Spanish illustrator Van Saiyan recalls special moments from his childhood when creating gloriously retro artwork that evokes the look and feel of old-school pulp comics.
Thanks to his delicate inky line work and considered use of block colours and faded textures, Van Saiyan's artwork harks back to sci-fi comics of the '50s and '60s. His illustrations have appeared in editorial columns for the likes of The Washington Post, Forbes and Entertainment Weekly. When he's not working on professional commissions, he mashes his favourite pop culture inspirations with his fan art.
Speaking about what originally attracted him to the style of retro comic books, Van asks the valid question: "Is there anything more fun than aliens, flying saucers, superheroes, space rangers and spaceships?
"In my case, these elements take me back to my childhood and special moments in my life. Perhaps that's what comes out of my head and moves me to tell stories. I work with any subject to make illustrations in my retro comic style."
Unsurprisingly, one of the biggest influences on young Van growing up was comic books, especially those drawn by American artists such as Jack Kirby, Neal Adams, Al Feldstein, and Infantino. "I was also inspired by Spanish artists such as Ambrós, Francisco Darnís, López Espi, and Daniel Torres," he adds. "I love their drawing styles and the way they ink, not to mention the way they control perspective and their ability to create different worlds and characters in their distinctive aesthetic."
To achieve a similar aesthetic, Van recalls his youth spent flicking through the pages of these artists' work and channels them into his own use of colour, line and subject matter. But unlike his heroes, he takes a digital approach. "Normally, I work with Photoshop, using different brushes and textures to get as close a result as possible to pulp comics," he reveals.
Illustration isn't Van's only passion, though. Music also plays a huge role in his life, and he originally studied to be a primary school music teacher. But after studying for an illustration degree in Madrid, he decided to prepare a portfolio and contact illustration agencies, advertisers and magazine publishers. "This led me to contact new clients in Spain, to work with Anna Goodson Illustration Agency and new international clients."
Music continues to play a huge part in Van's life, too. Not only do his favourite musicians crop up in his art – just look at Kurt Cobain rocking the Batman look – the craft also provided a useful template for Van's work ethic. "Both arts require a lot of discipline and perseverance to move forward," he says. "I also wanted to be a professional musician years ago, so maybe I've incorporated that routine and discipline into my career as an illustrator.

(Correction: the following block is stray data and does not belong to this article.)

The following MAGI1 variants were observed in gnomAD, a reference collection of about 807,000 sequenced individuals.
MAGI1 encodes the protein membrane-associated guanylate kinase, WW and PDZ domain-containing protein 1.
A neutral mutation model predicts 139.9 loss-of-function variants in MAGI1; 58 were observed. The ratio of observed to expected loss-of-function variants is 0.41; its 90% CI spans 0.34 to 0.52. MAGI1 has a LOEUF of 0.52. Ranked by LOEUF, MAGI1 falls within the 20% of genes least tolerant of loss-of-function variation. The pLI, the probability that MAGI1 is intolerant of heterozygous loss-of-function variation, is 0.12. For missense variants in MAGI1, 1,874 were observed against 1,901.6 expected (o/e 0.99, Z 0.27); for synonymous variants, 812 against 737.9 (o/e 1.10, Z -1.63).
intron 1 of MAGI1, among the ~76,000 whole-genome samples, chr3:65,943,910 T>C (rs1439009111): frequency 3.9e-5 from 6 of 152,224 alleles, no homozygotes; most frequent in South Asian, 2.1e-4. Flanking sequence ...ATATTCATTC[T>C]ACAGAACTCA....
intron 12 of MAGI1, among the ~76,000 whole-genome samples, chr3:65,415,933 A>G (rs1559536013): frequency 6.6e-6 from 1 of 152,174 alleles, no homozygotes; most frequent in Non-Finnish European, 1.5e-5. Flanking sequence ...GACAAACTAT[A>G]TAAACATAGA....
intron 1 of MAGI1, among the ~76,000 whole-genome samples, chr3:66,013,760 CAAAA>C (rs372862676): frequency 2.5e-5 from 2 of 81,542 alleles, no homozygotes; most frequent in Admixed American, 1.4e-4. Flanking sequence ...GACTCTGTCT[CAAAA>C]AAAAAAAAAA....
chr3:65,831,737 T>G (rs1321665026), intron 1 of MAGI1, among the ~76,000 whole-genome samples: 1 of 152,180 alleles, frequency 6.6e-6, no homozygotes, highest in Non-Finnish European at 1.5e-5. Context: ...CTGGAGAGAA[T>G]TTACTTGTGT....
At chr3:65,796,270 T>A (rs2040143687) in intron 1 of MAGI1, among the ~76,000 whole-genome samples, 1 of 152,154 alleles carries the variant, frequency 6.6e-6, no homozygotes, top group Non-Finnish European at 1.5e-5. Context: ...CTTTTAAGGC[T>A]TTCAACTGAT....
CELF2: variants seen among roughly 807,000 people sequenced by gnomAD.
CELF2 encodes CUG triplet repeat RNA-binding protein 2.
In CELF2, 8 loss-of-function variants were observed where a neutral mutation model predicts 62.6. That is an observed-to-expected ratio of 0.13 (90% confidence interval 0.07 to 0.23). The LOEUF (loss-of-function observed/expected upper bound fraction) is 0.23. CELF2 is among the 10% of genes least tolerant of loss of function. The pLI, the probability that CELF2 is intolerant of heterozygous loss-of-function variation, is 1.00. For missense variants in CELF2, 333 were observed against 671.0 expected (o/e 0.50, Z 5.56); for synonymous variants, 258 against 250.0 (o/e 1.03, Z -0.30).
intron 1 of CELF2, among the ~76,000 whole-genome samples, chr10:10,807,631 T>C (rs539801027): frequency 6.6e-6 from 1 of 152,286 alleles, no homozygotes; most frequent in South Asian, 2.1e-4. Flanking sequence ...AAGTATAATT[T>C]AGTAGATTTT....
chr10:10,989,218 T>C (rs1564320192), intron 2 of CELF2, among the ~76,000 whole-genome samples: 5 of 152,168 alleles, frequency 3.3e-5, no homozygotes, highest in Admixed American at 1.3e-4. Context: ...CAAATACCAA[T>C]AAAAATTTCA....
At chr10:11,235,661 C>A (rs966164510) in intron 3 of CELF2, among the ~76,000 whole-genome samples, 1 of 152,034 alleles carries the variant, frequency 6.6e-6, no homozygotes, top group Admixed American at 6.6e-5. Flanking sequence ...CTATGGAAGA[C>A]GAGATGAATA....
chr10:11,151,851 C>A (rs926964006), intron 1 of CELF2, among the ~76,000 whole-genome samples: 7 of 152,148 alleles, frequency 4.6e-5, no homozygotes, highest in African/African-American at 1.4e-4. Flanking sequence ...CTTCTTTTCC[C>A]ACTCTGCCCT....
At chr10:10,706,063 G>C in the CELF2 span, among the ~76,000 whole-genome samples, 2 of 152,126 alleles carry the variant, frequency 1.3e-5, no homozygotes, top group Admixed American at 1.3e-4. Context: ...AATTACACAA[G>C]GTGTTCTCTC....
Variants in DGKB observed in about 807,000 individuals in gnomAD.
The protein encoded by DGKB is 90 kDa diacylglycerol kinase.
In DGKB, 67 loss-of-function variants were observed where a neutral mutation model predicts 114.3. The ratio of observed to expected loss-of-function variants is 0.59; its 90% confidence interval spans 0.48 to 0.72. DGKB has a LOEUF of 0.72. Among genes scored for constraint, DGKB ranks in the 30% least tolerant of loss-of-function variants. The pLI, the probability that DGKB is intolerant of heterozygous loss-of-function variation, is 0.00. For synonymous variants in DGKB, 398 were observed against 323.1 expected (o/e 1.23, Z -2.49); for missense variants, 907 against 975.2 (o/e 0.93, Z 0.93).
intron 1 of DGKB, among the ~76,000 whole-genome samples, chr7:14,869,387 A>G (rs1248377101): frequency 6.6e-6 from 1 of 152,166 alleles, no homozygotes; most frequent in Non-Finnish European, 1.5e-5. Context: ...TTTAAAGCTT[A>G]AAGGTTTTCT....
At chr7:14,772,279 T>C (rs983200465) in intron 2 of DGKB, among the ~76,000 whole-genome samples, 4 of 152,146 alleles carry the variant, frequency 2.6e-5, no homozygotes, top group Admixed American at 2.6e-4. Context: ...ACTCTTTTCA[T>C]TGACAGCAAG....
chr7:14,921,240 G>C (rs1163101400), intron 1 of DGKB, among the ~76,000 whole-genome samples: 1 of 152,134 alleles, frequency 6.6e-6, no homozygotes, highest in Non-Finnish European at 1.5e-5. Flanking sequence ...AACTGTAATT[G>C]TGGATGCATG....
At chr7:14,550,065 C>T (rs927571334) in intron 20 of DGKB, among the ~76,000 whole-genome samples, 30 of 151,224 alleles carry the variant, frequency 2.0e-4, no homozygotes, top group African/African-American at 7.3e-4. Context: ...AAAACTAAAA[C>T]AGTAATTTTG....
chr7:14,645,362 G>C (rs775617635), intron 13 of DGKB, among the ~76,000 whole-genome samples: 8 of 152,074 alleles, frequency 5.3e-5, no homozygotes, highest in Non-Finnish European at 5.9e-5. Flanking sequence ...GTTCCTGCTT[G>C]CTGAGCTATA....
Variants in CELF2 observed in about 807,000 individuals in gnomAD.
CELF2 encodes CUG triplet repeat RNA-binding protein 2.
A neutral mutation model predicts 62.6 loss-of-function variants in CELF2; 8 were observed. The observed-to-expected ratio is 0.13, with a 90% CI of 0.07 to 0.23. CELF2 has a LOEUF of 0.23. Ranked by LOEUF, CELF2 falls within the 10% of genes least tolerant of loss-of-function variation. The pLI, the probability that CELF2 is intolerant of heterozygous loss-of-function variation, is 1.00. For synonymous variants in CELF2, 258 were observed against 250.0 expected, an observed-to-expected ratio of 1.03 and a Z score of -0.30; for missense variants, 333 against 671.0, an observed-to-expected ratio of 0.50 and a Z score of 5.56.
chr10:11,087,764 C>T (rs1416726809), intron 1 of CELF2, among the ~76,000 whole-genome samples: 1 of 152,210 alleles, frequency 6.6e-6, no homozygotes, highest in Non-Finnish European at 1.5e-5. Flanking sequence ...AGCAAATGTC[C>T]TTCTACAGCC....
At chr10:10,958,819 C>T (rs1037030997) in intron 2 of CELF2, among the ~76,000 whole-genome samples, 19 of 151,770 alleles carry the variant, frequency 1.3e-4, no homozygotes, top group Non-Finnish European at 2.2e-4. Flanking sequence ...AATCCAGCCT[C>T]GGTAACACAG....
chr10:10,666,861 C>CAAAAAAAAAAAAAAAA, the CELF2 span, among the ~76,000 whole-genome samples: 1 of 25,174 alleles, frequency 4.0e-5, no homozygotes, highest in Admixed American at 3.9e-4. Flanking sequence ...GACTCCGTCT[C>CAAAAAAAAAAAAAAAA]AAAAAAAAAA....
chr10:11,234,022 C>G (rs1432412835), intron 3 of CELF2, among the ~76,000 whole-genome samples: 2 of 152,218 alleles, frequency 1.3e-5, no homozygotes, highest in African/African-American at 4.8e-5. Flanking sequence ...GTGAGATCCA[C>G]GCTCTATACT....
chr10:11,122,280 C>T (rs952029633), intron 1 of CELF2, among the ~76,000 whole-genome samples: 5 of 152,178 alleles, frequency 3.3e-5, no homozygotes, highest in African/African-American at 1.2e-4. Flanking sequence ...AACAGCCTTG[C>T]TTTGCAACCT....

Having lived and worked in Madrid for almost ten years, Van has moved away to a more rural location and is enjoying its quietness. "These days, I prefer to be surrounded by the more relaxed atmosphere of the natural environment," he adds. "As a freelance illustrator, I don't need to attend an office in a big city, so I can contact and collaborate with clients from the other side of the planet without any problems."
But as any homeworker will understand, this setup comes at a cost. Namely a sense of depersonalisation that comes with dealing with various customers and collaborators. "You only interact with people via screens and emails, but it's a fair trade-off, and there are more positive benefits than negative."
Working with the Anna Goodson agency is one of these benefits. Having contacted Van shortly after he sent them his portfolio, the agency has afforded him many opportunities. "The agency has helped me to improve my career and get new clients outside of Spain," says Van. "Thanks to them, I have been able to work for top international media outlets such as The Washington Post and Entertainment Weekly. In my experience, they offer great support and do a good job."
Currently, Van is working on a project for a Spanish sports club and a mental health association. The collaboration involves creating illustrations for a range of club T-shirts, and when he's not drawing away on that, he's also preparing to make his first graphic novel. "I'm looking forward to working on this in the coming months," he explains. "It will be about a current topic in our modern society."
With so many projects and commissions under his belt, it's hard for Van to choose a favourite piece of work. "Out of my recent work, I'd highlight two official posters I made for one of my favourite bands, Failure. I'm also pleased with another commission I did for The Rise of Video Game Union, part of Polygon's 54-page explainer on video game unionisation.
"I think collaborating on something like this is very nice and comforting. I also love being able to illustrate for interesting magazines about culture, lifestyle, education, sports and science!"
And for aspiring artists looking to follow in his footsteps, Van says that the key is to be constant and keep learning little by little. "If drawing is something that's very important and special for you, don't stop drawing! If you love it, go for it!"